The Best Way to Grow Your Church

Why do some churches grow while other churches stagnate? What is the secret to church growth?

I have a friend who swears that drinking water and walking is the key to optimal health. He walks 50 miles a week and is in great shape.

I have another friend who does CrossFit four times a week and claims his Paleo eating plan is the best way to stay fit. He too has the physique to prove it.

I have yet another friend who claims that eating a purely vegan diet and long-distance running is the key to getting shredded.

And I have another friend who eats nine small meals a day.

One who swears by the Ketogenic diet.

Another who has had DNA testing and is eating a meal plan perfectly suited to fit his exact physiological makeup.

And another who does this weird intermittent fasting thing.

All of my friends (1) eat vastly different things (2) exercise in vastly different ways and (3) think the other people are doing it wrong.

So, who’s right?

They’re all right.

There is no one “perfect” approach to eating and exercise.

For all our similarities, every human body is different. We have different goals and interests and our lifestyles differ depending on age, family composition, and career aspirations.

Here’s a not-too-well-kept secret of physical fitness: The diet and exercise regime that “works” is the one you actually stick with.


When churches stop growing their pastors often try to jumpstart things by looking outside of their context for answers.

They start watching other pastors’ sermons.

They start reading articles about how that pastor used a unique approach that nobody else is using.

From Outreach Magazine  5 Destructive Things We Say to Ourselves

Pretty soon—once news about this church starts bouncing around the evangelical echo-chamber—all of the sudden everyone is trying to start a campus.

Or preaching in ripped jeans and wearing Bono sunglasses like Carl Lentz.

And that works for Carl Lentz.

Just like multi-site fits Craig Groeschel like a glove.

And just like bringing in heavyweight wrestlers and designing your stage to look like a professional wrestling ring works for Ed Young Jr.

Every single one of those pastors crafted an utterly unique style of ministry that works for them.

Just like there’s no “one” way to exercise or eat, there’s no “one” way to do church.

A Sunday-school-driven church could crush it if its pastor really believed in it and stuck with it.

So could a church with orchestra music.

Or any number of things that 21st century pastors think have outlived their shelf life.

The church you serve can be effective with virtually any model of ministry as long as it uniquely fits who YOU are as the lead servant of your church and connects with your community.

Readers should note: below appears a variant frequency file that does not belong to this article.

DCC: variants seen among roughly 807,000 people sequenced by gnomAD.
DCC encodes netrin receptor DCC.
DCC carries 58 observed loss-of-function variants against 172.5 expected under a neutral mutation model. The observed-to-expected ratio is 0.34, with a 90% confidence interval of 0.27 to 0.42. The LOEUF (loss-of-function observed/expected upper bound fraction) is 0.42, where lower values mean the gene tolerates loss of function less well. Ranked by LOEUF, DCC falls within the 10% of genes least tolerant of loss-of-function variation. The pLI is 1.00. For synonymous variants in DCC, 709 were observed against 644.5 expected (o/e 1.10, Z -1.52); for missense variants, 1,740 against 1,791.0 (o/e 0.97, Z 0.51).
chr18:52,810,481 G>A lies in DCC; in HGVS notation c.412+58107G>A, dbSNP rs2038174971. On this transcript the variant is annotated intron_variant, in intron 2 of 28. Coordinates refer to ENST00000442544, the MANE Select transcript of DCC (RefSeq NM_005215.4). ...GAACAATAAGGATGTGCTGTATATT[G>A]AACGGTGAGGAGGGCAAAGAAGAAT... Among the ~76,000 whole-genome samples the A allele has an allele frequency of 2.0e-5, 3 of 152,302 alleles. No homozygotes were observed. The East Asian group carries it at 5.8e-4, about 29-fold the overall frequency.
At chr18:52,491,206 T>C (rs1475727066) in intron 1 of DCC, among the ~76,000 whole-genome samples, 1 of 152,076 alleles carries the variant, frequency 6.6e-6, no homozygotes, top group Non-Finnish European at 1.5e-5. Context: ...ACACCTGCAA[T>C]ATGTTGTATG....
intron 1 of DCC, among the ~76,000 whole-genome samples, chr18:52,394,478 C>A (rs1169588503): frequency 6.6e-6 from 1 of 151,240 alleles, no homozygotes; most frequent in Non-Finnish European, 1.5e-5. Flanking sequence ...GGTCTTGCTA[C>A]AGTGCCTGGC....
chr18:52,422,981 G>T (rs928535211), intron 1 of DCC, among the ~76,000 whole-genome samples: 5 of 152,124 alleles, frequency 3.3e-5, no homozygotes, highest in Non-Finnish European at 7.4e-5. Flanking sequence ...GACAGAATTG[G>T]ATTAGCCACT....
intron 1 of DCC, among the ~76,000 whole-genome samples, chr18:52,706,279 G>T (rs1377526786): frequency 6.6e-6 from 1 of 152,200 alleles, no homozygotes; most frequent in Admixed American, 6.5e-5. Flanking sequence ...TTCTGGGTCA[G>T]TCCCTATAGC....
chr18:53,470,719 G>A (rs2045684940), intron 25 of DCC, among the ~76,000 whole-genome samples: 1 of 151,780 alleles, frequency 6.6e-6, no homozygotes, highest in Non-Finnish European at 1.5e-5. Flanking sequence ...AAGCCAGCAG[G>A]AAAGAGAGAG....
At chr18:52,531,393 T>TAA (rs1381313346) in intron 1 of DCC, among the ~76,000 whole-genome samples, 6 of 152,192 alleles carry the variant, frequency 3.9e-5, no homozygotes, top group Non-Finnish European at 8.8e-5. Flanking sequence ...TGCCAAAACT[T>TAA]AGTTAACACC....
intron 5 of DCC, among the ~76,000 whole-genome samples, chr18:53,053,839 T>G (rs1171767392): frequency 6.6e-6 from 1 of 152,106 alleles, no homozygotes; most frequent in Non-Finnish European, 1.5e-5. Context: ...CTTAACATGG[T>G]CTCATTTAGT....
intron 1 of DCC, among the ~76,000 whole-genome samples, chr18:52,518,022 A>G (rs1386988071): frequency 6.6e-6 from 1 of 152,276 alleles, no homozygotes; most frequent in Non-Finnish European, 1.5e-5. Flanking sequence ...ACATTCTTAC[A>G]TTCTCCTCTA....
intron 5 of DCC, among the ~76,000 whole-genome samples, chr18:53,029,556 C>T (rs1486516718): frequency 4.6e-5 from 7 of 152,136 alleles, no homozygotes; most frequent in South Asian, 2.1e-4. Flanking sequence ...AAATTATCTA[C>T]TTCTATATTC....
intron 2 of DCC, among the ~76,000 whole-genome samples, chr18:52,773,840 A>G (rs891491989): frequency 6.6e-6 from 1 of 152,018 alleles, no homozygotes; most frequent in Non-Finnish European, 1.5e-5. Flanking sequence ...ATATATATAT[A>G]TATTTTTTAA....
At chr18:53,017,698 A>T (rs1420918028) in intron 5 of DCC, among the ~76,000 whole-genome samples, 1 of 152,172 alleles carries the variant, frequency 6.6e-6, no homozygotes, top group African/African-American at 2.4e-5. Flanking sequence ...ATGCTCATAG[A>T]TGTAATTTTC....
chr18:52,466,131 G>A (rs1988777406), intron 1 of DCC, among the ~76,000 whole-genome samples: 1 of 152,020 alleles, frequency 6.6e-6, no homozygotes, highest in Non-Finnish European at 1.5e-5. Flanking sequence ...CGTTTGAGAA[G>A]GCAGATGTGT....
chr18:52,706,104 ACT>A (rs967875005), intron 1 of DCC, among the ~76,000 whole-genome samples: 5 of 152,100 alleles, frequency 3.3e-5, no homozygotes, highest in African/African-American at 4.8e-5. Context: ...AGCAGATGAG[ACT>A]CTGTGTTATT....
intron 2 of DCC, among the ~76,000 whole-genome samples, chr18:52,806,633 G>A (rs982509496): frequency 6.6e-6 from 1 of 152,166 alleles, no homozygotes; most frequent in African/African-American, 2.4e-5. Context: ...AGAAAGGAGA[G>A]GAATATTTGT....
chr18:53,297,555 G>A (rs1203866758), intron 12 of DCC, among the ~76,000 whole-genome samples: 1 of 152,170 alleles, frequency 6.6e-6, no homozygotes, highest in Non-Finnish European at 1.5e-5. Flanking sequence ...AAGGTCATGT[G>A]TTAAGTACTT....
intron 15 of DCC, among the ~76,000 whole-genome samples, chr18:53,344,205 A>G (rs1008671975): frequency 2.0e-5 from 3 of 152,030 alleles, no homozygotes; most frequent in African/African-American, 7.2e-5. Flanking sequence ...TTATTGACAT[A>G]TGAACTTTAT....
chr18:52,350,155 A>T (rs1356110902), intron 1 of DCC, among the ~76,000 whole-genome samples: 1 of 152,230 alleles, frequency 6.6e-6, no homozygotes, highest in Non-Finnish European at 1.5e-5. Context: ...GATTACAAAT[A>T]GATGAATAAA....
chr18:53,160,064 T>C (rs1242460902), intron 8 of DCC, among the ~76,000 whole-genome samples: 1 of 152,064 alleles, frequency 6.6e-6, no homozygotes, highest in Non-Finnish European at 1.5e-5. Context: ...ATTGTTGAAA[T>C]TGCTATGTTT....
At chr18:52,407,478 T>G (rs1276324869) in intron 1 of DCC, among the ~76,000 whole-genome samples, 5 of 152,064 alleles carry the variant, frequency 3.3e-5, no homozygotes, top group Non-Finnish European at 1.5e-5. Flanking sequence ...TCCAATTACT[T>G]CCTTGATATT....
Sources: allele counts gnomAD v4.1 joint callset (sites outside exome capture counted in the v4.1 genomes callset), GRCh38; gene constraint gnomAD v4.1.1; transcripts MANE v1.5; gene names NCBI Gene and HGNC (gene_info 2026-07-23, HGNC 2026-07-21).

And you know this.

Deep down you know this.

Yet you still second guess yourself.

Can I share a secret?

Once I start coaching a pastor and start digging underneath the hood, here’s what I discover: their lack of growth is never about their “model.”

The model is fine.

What has usually happened is they haven’t made the unique leadership adaptations that they needed to make at the 75, 200, 400, 600, 800, 1,200 and 1,600 and 2,000 barriers.

Not knowing how to navigate those tricky internal changes, they look for an easy scapegoat.

From Outreach Magazine  Future Faces of the Church

The “model” is what usually appears in the crosshairs.


Can I share the best advice I can give to anyone seeking to regain confidence in the unique approach/path/model God wants them to use?

First, for one full year, eliminate ALL input from other pastors/thinkers.

I mean…

1. Stop watching other pastors’ sermons.
2. Unsubscribe from all of their Instagram feeds.
3. Stop going to church/pastor conferences.
4. Declare a fast from all church growth books.

Second, make a list of everything you’ve done in ministry that has worked for you in the past.

1. Things that felt right as you did them, regardless of the numbers
2. Things that led people to Christ, grew them in their faith, and propelled them to share it with others
3. Anything that seemed like a fit with your unique gifting

Get it “all out” on paper.

Finally, ask your spouse or another trusted advisor if there’s anything they’d add to your list.

Once you believe you have an accurate picture of everything you’ve done well in the past, I want you to stare at it.

That is your “model.”

Do that.

Be who God created you to be.



And with laser-like persistence and execution.

And watch what happens.

Read more from Brian Jones »

Brian Jones is a church planter, author and the founding and senior pastor of Christ’s Church of the Valley in Philadelphia. This article was originally published on